West Papuan rebels claim 9 soldiers killed in Jakarta bid to free NZ pilot

Indonesian military and police personnel surround a helicopter in Kenyam district, Nduga regency, Papua Highlands, in February
Indonesian military and police personnel surround a helicopter in Kenyam district, Nduga regency, Papua Highlands, in February . . . the chopper was used to evacuate 15 people who had been held hostage by an armed group seeking independence. Image: Indonesian military/Cenderawasih Military Command/JP

RNZ Pacific

West Papuan rebels seeking independence in the Indonesian-ruled Melanesian region claim to have killed nine soldiers after Jakarta did not respond to a request to negotiate the return of hostage New Zealand pilot Philip Mehrtens.

But the military said one soldier died during the attack on Saturday.

Indonesian military spokesperson Rear Admiral Julius Widjojono said yesterday other soldiers were dispersed to several sites in the search for captured Susi Air pilot Philip Mehrtens and they were having communication difficulties due to bad weather.

“As of 2.03pm (local time) the information we have is one died. We have not received any other information because it is difficult to reach the area, especially with the uncertain weather,” Admiral Widjojono said when asked about the higher casualty numbers.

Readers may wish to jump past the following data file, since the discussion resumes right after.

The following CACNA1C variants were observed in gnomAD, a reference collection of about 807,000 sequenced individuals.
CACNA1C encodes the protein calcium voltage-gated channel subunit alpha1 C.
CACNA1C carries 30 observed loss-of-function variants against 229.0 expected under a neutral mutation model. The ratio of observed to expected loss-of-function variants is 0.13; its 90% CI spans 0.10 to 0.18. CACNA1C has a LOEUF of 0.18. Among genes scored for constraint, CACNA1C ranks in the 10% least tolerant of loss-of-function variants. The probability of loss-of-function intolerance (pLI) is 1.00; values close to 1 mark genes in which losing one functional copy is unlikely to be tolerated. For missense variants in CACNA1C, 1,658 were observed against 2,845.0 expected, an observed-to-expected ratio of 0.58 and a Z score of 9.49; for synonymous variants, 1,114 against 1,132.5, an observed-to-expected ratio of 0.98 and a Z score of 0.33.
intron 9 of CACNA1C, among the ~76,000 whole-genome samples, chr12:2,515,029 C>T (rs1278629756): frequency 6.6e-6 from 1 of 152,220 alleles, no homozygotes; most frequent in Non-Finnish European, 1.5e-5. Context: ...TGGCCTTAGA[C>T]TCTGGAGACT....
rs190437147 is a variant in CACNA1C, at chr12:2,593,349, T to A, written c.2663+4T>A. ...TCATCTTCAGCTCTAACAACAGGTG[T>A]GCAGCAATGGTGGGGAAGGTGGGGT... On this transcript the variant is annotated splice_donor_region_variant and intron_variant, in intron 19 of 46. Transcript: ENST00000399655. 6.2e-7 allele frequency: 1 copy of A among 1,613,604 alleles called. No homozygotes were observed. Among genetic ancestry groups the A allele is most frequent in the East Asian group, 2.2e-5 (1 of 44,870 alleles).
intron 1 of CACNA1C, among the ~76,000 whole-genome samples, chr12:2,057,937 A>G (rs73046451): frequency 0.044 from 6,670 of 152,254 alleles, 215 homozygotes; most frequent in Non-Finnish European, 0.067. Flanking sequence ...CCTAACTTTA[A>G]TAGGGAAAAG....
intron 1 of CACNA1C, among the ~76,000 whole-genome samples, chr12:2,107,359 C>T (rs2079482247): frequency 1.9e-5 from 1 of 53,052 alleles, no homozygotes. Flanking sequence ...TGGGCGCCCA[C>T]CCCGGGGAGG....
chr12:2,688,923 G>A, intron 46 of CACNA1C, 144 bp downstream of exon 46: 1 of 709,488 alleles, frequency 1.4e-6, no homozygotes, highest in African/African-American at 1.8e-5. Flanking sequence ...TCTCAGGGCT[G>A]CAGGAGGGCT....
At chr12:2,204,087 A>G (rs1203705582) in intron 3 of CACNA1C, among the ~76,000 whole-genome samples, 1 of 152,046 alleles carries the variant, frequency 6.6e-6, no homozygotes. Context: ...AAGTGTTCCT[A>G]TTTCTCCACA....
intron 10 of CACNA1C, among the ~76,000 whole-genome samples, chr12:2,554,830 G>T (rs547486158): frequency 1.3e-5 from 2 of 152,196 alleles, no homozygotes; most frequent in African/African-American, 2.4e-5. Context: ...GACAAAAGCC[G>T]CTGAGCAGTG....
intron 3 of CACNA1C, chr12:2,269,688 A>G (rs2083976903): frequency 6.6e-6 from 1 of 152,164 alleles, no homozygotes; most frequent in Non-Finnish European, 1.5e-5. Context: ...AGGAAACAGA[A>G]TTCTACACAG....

The Jakarta Post reports that at least one soldier has been killed in the Papuan Highlands on Saturday during a clash with the rebel group.

The Post quoted Admiral Widjojono as saying that First Private Miftahul Arifin had been shot after he fell into a 15m deep ravine as other soldiers, who were trying to evacuate Miftahul, were reportedly stuck in the field and bombarded with bullets.

Admiral Widjojono said the military would intensify the operation to rescue Mehrtens as they hde identified the pilot’s location.

Erratic weather
Erratic weather had made the effort challenging, he said.

The West Papua National Liberation Army (TPNPB) abducted the New Zealand pilot on February 7. The group initially demanded Jakarta recognise the Papua region’s independence but told news agencies this month they were prepared to drop that demand and seek dialogue.

“We asked the Indonesian and New Zealand governments to free the hostages through peaceful negotiations,” rebel spokesperson Sebby Sambom said in a recorded message on Sunday.

“But the Indonesian military and police attacked civilians on March 23. Because of that the TPNPB troops said they would take revenge and it had already started,” Sambom said, adding that fighting was continuing on Sunday.

A military spokesperson in Papua, Herman Taryaman, denied the allegation of a March attack on civilians, saying the security forces were protecting civilians who were chased away by the rebels.

A low-level struggle for independence from Indonesia has been going on for decades in the remote and resource-rich Papua region, with the conflict intensifying significantly in recent years, analysts say.

The conflict began after a contested 1969 vote supervised by the United Nations saw the former Dutch territory brought under Indonesian control.

This article is republished under a community partnership agreement with RNZ.

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